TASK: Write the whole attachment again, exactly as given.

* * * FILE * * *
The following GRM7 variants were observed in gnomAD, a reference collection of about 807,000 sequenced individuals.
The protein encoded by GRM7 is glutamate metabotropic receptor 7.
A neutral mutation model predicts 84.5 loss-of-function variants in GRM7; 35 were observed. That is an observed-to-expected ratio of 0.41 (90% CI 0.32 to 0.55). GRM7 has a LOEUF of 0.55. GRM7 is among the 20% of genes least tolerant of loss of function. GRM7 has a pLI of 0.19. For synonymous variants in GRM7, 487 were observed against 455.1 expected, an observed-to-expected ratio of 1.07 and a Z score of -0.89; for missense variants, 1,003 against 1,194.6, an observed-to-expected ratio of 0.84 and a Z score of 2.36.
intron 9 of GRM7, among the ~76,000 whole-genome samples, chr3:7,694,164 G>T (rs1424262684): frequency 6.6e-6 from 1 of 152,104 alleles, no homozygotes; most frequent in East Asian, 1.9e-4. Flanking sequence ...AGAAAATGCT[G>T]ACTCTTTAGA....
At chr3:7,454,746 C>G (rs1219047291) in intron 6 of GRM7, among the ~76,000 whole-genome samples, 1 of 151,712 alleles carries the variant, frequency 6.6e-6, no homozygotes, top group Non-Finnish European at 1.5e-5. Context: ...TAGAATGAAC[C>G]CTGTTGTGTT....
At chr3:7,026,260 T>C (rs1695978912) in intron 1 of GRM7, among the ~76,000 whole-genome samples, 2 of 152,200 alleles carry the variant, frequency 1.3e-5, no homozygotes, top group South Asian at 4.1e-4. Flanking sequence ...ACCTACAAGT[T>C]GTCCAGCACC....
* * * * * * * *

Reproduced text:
The following GRM7 variants were observed in gnomAD, a reference collection of about 807,000 sequenced individuals.
The protein encoded by GRM7 is glutamate metabotropic receptor 7.
A neutral mutation model predicts 84.5 loss-of-function variants in GRM7; 35 were observed. That is an observed-to-expected ratio of 0.41 (90% CI 0.32 to 0.55). GRM7 has a LOEUF of 0.55. GRM7 is among the 20% of genes least tolerant of loss of function. GRM7 has a pLI of 0.19. For synonymous variants in GRM7, 487 were observed against 455.1 expected, an observed-to-expected ratio of 1.07 and a Z score of -0.89; for missense variants, 1,003 against 1,194.6, an observed-to-expected ratio of 0.84 and a Z score of 2.36.
intron 9 of GRM7, among the ~76,000 whole-genome samples, chr3:7,694,164 G>T (rs1424262684): frequency 6.6e-6 from 1 of 152,104 alleles, no homozygotes; most frequent in East Asian, 1.9e-4. Flanking sequence ...AGAAAATGCT[G>T]ACTCTTTAGA....
At chr3:7,454,746 C>G (rs1219047291) in intron 6 of GRM7, among the ~76,000 whole-genome samples, 1 of 151,712 alleles carries the variant, frequency 6.6e-6, no homozygotes, top group Non-Finnish European at 1.5e-5. Context: ...TAGAATGAAC[C>G]CTGTTGTGTT....
At chr3:7,026,260 T>C (rs1695978912) in intron 1 of GRM7, among the ~76,000 whole-genome samples, 2 of 152,200 alleles carry the variant, frequency 1.3e-5, no homozygotes, top group South Asian at 4.1e-4. Flanking sequence ...ACCTACAAGT[T>C]GTCCAGCACC....